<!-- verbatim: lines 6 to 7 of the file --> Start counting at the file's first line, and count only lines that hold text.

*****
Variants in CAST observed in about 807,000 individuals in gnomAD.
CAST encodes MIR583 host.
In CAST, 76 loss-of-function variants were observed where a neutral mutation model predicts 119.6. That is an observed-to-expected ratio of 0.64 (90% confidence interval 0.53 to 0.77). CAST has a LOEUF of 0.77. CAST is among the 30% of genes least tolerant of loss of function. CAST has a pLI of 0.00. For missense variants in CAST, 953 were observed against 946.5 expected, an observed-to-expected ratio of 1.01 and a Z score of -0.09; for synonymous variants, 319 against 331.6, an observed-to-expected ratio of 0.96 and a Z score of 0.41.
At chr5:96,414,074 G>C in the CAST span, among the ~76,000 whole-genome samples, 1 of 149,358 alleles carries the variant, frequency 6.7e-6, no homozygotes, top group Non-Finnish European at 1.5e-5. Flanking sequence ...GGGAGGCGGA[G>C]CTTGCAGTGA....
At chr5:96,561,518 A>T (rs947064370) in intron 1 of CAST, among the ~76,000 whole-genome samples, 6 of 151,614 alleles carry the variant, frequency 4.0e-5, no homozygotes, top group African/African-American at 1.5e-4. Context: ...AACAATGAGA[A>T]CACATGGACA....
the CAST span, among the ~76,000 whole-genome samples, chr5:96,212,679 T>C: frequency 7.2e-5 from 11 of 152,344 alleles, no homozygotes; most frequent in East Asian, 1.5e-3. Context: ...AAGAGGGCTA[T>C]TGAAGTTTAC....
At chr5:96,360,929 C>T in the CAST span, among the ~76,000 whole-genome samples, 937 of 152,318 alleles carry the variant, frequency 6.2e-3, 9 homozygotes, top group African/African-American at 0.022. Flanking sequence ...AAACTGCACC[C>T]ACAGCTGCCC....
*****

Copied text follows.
the CAST span, among the ~76,000 whole-genome samples, chr5:96,212,679 T>C: frequency 7.2e-5 from 11 of 152,344 alleles, no homozygotes; most frequent in East Asian, 1.5e-3. Context: ...AAGAGGGCTA[T>C]TGAAGTTTAC....
At chr5:96,360,929 C>T in the CAST span, among the ~76,000 whole-genome samples, 937 of 152,318 alleles carry the variant, frequency 6.2e-3, 9 homozygotes, top group African/African-American at 0.022. Flanking sequence ...AAACTGCACC[C>T]ACAGCTGCCC....